â€˜My lovelyâ€™ usually puts out my clothes, the night before and helps me to dress, althoughÂ I can usually get on my own underpants, particularly those with the three loops that I have had sewn onto them. Alice usually does the rest of the dressing.Â Certainly buttons are beyond me but I can make a shot with my trousers having had all the zips fitting a key ring; the clips and buttons removed from the top and substituted with Velcro and a cloth loop which I can usually drag across.Â All of my ties have been pre-tied and just have to be slipped over my head and pushed up to the collar by Alice.
If I am going to London or for an important appointment â€˜my lovelyâ€™ even finds me a fresh rose for my button hole, which it has always been my habit to wear.
On days when I am not seeing anyone or going anywhere, other than my home office, I may well wear one of the longhiâ€™s (skirts!) which I have had made.Â They wrap around my waist and are held in place with Velcro and have a cloth loop at each end to facilitate the process of putting them on. Wearing these makes the business of going to the loo, that much easier, on those days when I left on my own and there is no one to help me adjust my dress afterwards.
The myths about the whiskey and aspirin, reported above, leads neatly into me cataloguing the other medication I take daily.
I start the day with two 50 mg. Rilutek washed down with a Berocca tablet, which is, in effect, a vitamin and essentialÂ mineral supplement which is meant to give you â€˜get up and goâ€™. Heaven knows if it does any good, but it certainly can do no harm. In the early evening I take one Cod Liver Oil and Garlic capsule and one 375 mg. Quinine Sulphate pill (for cramp).Â At bed time I take two further 50 mg. Rilutek, two sleeping tablets (Zopiclone 375 mg) and two 5 mg. Diazepam.Â This ensures that I usually get around three hours unbroken sleep followed by catnaps until the early morning.
Once I am dressedÂ I am then ready to go to my office â€“ 20 yards or so from the house – which is usually around 9.15,Â where I will happily spend the rest of the day until around 6.30 – 7 o’clock except for a lunch break of around 1 Â½. hours when I usually watch the news or something else on television. Once Alice has plugged in my laptop I can manage pretty well in the office except for turning over pages which I do with the aid of pimpled rubber finger stalls. She pops in, on from time to time, to see if I need any help, for example, to get files from the filing cabinet or to do some filing.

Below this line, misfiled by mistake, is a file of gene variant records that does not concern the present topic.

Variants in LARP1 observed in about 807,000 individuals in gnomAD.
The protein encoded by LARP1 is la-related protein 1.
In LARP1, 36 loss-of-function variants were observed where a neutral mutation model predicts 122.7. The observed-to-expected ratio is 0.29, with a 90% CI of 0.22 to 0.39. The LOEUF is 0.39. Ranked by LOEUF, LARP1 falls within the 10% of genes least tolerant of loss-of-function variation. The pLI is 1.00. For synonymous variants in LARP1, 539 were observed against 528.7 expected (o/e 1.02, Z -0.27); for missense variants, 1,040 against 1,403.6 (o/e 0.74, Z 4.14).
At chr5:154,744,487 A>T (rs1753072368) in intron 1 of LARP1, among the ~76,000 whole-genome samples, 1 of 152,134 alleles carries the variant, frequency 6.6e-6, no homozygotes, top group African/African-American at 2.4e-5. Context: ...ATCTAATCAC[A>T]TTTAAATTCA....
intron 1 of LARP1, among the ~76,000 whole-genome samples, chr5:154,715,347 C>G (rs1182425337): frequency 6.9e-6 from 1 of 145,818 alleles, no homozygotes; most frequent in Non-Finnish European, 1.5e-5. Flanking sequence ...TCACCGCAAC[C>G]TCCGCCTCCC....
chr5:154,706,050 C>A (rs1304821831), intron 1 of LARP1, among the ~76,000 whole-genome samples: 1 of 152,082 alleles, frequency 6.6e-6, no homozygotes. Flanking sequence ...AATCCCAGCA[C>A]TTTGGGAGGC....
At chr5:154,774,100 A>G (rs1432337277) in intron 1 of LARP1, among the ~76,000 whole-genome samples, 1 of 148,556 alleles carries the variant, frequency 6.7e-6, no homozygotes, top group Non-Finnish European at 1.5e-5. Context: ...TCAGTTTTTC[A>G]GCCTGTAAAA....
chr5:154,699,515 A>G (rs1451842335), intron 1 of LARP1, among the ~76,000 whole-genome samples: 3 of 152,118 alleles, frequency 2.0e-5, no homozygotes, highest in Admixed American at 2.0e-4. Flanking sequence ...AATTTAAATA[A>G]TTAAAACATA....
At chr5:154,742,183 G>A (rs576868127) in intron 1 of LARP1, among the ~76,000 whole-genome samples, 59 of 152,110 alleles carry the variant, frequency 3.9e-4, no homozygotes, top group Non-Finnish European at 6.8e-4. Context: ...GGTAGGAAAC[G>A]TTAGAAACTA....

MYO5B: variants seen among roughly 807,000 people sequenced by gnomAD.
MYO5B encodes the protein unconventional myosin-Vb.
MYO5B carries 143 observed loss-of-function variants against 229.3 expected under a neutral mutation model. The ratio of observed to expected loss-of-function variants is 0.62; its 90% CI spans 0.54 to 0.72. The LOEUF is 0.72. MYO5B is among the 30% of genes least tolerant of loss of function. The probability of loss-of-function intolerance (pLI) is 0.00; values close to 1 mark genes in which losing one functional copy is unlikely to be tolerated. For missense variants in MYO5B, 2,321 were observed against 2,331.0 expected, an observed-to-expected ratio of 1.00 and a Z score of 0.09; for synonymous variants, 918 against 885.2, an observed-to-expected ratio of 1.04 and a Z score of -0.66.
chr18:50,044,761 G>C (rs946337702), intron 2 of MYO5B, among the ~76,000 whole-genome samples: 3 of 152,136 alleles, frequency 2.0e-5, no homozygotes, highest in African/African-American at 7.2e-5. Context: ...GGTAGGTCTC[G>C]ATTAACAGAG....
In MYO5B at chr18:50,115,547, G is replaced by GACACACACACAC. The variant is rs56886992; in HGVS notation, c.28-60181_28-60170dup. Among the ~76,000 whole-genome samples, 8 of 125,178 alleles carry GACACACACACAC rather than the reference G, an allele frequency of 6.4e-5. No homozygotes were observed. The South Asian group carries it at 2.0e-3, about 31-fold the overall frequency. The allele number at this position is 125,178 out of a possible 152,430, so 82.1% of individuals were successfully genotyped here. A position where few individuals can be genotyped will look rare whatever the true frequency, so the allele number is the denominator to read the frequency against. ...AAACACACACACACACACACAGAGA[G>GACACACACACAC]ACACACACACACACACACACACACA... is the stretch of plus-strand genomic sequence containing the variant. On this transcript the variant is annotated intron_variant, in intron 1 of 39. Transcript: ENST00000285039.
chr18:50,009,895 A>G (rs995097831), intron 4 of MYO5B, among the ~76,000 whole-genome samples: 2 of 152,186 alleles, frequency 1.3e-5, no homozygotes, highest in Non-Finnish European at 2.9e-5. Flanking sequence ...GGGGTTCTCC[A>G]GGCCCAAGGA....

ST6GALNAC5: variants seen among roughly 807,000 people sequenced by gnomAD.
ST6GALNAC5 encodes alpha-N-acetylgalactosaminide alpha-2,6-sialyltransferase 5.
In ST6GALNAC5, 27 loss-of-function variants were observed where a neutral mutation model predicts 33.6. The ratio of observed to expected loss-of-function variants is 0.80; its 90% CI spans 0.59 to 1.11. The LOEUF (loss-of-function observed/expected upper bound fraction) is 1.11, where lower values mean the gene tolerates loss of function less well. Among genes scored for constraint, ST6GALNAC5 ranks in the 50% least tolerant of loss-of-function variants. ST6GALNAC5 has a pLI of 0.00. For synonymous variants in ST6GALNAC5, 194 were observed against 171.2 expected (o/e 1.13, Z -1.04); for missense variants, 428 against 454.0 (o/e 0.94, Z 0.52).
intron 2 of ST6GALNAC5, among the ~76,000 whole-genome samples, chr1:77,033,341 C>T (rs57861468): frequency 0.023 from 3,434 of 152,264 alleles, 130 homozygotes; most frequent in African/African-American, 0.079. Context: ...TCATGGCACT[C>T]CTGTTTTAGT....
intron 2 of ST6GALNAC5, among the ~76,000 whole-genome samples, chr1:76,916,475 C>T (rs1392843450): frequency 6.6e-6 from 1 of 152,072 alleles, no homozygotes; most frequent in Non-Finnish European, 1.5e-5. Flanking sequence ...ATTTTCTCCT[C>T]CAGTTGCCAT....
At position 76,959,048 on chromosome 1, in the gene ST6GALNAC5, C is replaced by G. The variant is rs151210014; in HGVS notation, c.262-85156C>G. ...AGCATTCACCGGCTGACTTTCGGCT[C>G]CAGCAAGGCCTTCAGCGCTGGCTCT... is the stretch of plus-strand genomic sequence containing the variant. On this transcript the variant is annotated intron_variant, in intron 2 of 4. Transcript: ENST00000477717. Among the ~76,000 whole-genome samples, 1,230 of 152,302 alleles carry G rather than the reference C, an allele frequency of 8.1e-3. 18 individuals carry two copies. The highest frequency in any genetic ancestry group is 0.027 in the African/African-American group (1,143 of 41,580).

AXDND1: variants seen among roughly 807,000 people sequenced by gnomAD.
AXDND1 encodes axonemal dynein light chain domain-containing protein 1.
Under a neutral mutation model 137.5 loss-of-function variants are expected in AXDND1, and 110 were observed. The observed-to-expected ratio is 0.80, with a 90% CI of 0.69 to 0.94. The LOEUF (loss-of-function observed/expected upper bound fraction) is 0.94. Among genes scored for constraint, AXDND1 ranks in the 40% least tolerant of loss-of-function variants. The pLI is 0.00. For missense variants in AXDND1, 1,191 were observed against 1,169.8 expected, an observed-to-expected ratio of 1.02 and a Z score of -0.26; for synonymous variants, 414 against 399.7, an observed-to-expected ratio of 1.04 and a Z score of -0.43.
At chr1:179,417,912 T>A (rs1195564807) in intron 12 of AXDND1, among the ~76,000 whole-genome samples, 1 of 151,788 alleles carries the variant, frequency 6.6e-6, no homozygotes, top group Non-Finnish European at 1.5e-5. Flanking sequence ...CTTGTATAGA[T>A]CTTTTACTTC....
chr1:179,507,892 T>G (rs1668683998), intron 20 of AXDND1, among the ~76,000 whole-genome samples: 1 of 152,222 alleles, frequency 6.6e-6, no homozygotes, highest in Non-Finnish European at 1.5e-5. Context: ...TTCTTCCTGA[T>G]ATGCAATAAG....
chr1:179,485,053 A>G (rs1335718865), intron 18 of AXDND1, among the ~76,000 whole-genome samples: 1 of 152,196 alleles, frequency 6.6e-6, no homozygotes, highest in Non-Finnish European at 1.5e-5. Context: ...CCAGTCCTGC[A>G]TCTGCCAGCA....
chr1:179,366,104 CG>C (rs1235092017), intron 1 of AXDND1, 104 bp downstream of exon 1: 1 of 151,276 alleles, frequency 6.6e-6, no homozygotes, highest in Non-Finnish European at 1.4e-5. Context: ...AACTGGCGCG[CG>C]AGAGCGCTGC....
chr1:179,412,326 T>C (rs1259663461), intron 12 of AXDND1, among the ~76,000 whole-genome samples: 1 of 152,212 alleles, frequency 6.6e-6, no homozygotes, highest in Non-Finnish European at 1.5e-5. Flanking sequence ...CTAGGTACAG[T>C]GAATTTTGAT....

In the office I have a Belkin unit into which all of my gadgets are plugged as it has seven USB portsÂ andÂ a single connection to the laptop which Alice makes for me. At 6.00 â€˜my lovelyâ€™ will bring a small whiskey which I then have with a small cigar. My daily treat. Once lit by AliceÂ I find that I can best smoke the cigar from my own invented cigar holder, a wooden lavatory roll holderÂ with the spring clip on the top (cost Â£2.95) , which saves the cigar from slipping through my fingers, and burning holes in my clothes or the carpet, as it did in the past.Â This then is my typical day seven days a week except for those days when there are things happening, or I’m not working in the office, which are not infrequent, as will be seen from the rest of the diary.
The days that I spend in the office are almost always working on my laptop.Â Either dealing with e-mails, updating my blog, sending business letters, revising lectures etc. Up to this point of time I can honestly say that I have not been short of things to doÂ although the laptop has become more difficult to use due to my weak hands but fortunately the forefinger on my left hand seems to have become rigidly fixed almost horizontal which means that I can still operate the mouse with this finger.
What I find most difficult is picking things up; paperclips, sheets of paper, pens, etc maybe I can get some device for the purpose. I did it quite heavily on my teeth for a number of tasks.Â Thank goodness that they are in good shape.